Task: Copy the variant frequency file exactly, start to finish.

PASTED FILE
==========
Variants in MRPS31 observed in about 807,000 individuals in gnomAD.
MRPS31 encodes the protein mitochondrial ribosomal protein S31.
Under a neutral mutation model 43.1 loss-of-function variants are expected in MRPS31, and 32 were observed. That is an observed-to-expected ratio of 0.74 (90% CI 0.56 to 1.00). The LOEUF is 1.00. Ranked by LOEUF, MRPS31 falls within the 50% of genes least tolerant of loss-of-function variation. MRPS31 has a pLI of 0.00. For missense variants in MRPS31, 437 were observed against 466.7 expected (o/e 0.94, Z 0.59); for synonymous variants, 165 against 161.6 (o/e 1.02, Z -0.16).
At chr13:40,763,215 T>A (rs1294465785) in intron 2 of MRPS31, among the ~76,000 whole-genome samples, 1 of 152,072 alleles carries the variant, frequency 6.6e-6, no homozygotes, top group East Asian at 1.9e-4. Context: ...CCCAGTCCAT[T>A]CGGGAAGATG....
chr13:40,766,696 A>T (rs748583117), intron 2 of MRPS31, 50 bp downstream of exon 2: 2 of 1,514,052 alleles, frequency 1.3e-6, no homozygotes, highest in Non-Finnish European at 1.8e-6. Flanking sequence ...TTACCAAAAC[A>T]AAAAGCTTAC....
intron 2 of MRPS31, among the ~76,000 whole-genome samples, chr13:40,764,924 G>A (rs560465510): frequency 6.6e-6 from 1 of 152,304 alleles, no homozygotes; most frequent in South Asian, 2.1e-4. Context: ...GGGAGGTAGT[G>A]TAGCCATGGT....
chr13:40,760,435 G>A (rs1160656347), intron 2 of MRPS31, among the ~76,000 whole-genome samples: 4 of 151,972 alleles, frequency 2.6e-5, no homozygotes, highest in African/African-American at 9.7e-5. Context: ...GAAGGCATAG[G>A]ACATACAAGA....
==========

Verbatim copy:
Variants in MRPS31 observed in about 807,000 individuals in gnomAD.
MRPS31 encodes the protein mitochondrial ribosomal protein S31.
Under a neutral mutation model 43.1 loss-of-function variants are expected in MRPS31, and 32 were observed. That is an observed-to-expected ratio of 0.74 (90% CI 0.56 to 1.00). The LOEUF is 1.00. Ranked by LOEUF, MRPS31 falls within the 50% of genes least tolerant of loss-of-function variation. MRPS31 has a pLI of 0.00. For missense variants in MRPS31, 437 were observed against 466.7 expected (o/e 0.94, Z 0.59); for synonymous variants, 165 against 161.6 (o/e 1.02, Z -0.16).
At chr13:40,763,215 T>A (rs1294465785) in intron 2 of MRPS31, among the ~76,000 whole-genome samples, 1 of 152,072 alleles carries the variant, frequency 6.6e-6, no homozygotes, top group East Asian at 1.9e-4. Context: ...CCCAGTCCAT[T>A]CGGGAAGATG....
chr13:40,766,696 A>T (rs748583117), intron 2 of MRPS31, 50 bp downstream of exon 2: 2 of 1,514,052 alleles, frequency 1.3e-6, no homozygotes, highest in Non-Finnish European at 1.8e-6. Flanking sequence ...TTACCAAAAC[A>T]AAAAGCTTAC....
intron 2 of MRPS31, among the ~76,000 whole-genome samples, chr13:40,764,924 G>A (rs560465510): frequency 6.6e-6 from 1 of 152,304 alleles, no homozygotes; most frequent in South Asian, 2.1e-4. Context: ...GGGAGGTAGT[G>A]TAGCCATGGT....
chr13:40,760,435 G>A (rs1160656347), intron 2 of MRPS31, among the ~76,000 whole-genome samples: 4 of 151,972 alleles, frequency 2.6e-5, no homozygotes, highest in African/African-American at 9.7e-5. Context: ...GAAGGCATAG[G>A]ACATACAAGA....